with a history of rescuing and re-purposing historic buildings that have fallen
into dereliction. The Trust brought the vandalised and neglected Grade II listed
former cemetery chapel in Stourbridge back to life over a period of 13 years.
Local school children helped make new stained glass windows, education resources
for schools have been set up and work experience for construction students was
carried out throughout the restoration process. Echoing the spirit of community
action that saved the building, a public competition was held for the 1st
wedding at this new venue. Thanks to donations from local wedding suppliers, the
1st couple won a free wedding package worth over £6,000.
Best Rescue of a Heritage Site
► Julie and Howard Duckworth,
Goole, East Riding of Yorkshire - Since 1983 husband and wife team Julie and
Howard Duckworth have been bringing empty properties back into use. They have
invested over £4.5 million into the regeneration of Goole, particularly on Aire
Street, which was the heart of the historic Aire and Calder Company Town. Their
first restoration in Goole, of the Station Hotel, created 38 jobs and 12
affordable, environmentally friendly apartments. They are now beginning to turn
around the fortunes of the Goole Conservation Area, currently on:-
'Historic England's At Risk Register.'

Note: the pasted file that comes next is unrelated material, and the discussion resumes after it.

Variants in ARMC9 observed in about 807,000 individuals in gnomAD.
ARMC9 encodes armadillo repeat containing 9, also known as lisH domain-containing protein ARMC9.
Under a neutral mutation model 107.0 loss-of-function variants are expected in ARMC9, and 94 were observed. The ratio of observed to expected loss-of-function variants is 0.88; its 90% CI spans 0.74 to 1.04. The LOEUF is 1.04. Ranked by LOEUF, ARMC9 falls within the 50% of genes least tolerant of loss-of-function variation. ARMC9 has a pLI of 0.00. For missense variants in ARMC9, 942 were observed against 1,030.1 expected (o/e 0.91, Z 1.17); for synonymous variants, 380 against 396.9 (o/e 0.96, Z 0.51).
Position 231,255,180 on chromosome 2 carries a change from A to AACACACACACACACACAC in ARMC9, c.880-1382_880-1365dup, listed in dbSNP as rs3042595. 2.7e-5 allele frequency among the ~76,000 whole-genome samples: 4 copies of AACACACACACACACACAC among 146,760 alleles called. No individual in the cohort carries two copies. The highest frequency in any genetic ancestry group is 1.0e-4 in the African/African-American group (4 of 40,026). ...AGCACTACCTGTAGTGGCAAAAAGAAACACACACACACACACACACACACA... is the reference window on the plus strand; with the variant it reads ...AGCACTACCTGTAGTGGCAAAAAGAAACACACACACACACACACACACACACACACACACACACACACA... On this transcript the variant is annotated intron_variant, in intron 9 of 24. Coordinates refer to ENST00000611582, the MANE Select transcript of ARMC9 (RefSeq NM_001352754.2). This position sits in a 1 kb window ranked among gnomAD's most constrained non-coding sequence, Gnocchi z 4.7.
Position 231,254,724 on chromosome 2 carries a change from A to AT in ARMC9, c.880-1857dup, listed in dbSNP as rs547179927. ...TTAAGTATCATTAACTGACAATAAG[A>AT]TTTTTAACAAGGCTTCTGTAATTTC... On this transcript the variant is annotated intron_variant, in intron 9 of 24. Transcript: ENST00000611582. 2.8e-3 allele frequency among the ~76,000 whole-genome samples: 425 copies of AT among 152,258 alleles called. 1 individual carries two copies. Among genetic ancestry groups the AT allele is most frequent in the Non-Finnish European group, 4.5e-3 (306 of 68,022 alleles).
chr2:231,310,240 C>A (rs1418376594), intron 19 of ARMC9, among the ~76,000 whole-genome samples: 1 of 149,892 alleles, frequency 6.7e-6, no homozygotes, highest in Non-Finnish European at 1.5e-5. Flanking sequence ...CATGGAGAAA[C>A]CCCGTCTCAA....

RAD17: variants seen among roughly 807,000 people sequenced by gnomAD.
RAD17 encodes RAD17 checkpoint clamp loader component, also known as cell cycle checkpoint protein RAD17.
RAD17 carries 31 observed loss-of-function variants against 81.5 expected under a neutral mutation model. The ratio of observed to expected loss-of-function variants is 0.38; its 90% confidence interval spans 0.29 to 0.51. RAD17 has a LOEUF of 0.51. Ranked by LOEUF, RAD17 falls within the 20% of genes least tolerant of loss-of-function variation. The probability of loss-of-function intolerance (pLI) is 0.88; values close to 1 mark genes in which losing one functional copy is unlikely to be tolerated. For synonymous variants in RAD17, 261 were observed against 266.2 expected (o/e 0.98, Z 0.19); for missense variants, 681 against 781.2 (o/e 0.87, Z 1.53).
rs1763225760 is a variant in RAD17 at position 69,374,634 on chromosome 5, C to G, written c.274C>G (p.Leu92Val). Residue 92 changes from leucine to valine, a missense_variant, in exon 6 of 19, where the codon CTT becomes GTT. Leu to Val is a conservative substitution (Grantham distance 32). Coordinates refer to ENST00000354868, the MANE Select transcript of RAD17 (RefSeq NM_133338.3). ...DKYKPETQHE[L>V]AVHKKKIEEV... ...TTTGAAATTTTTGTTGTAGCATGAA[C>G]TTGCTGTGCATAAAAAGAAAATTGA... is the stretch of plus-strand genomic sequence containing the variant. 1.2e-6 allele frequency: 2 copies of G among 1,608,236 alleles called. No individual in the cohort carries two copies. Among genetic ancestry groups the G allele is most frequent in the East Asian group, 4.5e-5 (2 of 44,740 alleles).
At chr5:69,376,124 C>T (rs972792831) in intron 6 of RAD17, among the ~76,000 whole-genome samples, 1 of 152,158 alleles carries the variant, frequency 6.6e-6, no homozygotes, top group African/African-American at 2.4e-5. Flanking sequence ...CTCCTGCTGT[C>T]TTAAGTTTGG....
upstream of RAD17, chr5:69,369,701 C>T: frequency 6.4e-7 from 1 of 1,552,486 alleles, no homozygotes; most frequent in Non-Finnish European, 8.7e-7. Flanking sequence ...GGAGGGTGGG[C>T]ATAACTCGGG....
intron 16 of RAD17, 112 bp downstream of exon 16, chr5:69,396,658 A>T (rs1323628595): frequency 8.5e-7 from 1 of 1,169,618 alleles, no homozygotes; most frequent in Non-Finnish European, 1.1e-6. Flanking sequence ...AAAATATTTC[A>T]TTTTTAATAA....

► The Arkwright Society, Building 17, Cromford
Mills, Derbyshire - Cromford Mills was purchased by the Arkwright Society, a
Building Preservation Trust, in 1979. The site is Grade I listed and has become
a key attraction of the Derwent Valley Mills World Heritage Site, that is the
only 1 in the East Midlands. By 2008 the site and the Society were facing
significant problems: they were in £1.2million of debt while 50% of the site
still remained derelict and on Historic England's At Risk Register. Thankfully,
new management saved the site from foreclosure and fought to bring the disused
building back into economic use. Now several workspace office units have been
developed and managed by Cromford Creative. The site also enjoys far more
visitors and 100 volunteers carry out over £250,000 of voluntary activity every
► Suffolk Mind and the Churches Conservation
Trust for the rescue of St Mary at the Quay, Ipswich, Suffolk, East of England -
This church was rescued and transformed through a partnership between the
Churches Conservation Trust (CCT) and mental health charity Suffolk Mind.